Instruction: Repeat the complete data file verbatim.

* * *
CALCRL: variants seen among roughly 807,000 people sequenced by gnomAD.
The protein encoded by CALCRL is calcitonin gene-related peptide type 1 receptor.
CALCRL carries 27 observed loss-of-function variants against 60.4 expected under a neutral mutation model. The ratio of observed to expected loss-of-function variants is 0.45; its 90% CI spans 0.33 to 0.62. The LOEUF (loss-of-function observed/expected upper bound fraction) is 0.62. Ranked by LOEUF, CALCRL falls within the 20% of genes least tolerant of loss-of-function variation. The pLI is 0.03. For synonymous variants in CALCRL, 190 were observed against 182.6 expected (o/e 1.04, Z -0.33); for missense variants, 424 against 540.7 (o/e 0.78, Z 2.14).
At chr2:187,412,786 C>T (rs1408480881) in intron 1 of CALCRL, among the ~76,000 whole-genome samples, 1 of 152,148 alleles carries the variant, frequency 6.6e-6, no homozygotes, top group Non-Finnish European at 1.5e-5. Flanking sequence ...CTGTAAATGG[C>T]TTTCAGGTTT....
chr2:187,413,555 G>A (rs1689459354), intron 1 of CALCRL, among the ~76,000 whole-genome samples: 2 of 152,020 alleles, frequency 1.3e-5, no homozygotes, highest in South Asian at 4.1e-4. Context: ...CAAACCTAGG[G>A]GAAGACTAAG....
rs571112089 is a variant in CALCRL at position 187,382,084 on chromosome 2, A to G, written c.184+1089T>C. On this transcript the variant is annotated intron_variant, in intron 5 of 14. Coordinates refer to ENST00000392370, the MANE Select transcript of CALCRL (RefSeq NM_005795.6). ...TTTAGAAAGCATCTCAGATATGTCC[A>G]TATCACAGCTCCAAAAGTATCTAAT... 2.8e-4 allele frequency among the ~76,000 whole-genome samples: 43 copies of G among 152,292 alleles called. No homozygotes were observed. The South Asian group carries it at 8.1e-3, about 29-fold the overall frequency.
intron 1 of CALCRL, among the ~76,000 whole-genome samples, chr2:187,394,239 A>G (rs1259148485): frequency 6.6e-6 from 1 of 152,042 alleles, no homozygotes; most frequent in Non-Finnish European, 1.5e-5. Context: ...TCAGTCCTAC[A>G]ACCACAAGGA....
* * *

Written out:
CALCRL: variants seen among roughly 807,000 people sequenced by gnomAD.
The protein encoded by CALCRL is calcitonin gene-related peptide type 1 receptor.
CALCRL carries 27 observed loss-of-function variants against 60.4 expected under a neutral mutation model. The ratio of observed to expected loss-of-function variants is 0.45; its 90% CI spans 0.33 to 0.62. The LOEUF (loss-of-function observed/expected upper bound fraction) is 0.62. Ranked by LOEUF, CALCRL falls within the 20% of genes least tolerant of loss-of-function variation. The pLI is 0.03. For synonymous variants in CALCRL, 190 were observed against 182.6 expected (o/e 1.04, Z -0.33); for missense variants, 424 against 540.7 (o/e 0.78, Z 2.14).
At chr2:187,412,786 C>T (rs1408480881) in intron 1 of CALCRL, among the ~76,000 whole-genome samples, 1 of 152,148 alleles carries the variant, frequency 6.6e-6, no homozygotes, top group Non-Finnish European at 1.5e-5. Flanking sequence ...CTGTAAATGG[C>T]TTTCAGGTTT....
chr2:187,413,555 G>A (rs1689459354), intron 1 of CALCRL, among the ~76,000 whole-genome samples: 2 of 152,020 alleles, frequency 1.3e-5, no homozygotes, highest in South Asian at 4.1e-4. Context: ...CAAACCTAGG[G>A]GAAGACTAAG....
rs571112089 is a variant in CALCRL at position 187,382,084 on chromosome 2, A to G, written c.184+1089T>C. On this transcript the variant is annotated intron_variant, in intron 5 of 14. Coordinates refer to ENST00000392370, the MANE Select transcript of CALCRL (RefSeq NM_005795.6). ...TTTAGAAAGCATCTCAGATATGTCC[A>G]TATCACAGCTCCAAAAGTATCTAAT... 2.8e-4 allele frequency among the ~76,000 whole-genome samples: 43 copies of G among 152,292 alleles called. No homozygotes were observed. The South Asian group carries it at 8.1e-3, about 29-fold the overall frequency.
intron 1 of CALCRL, among the ~76,000 whole-genome samples, chr2:187,394,239 A>G (rs1259148485): frequency 6.6e-6 from 1 of 152,042 alleles, no homozygotes; most frequent in Non-Finnish European, 1.5e-5. Context: ...TCAGTCCTAC[A>G]ACCACAAGGA....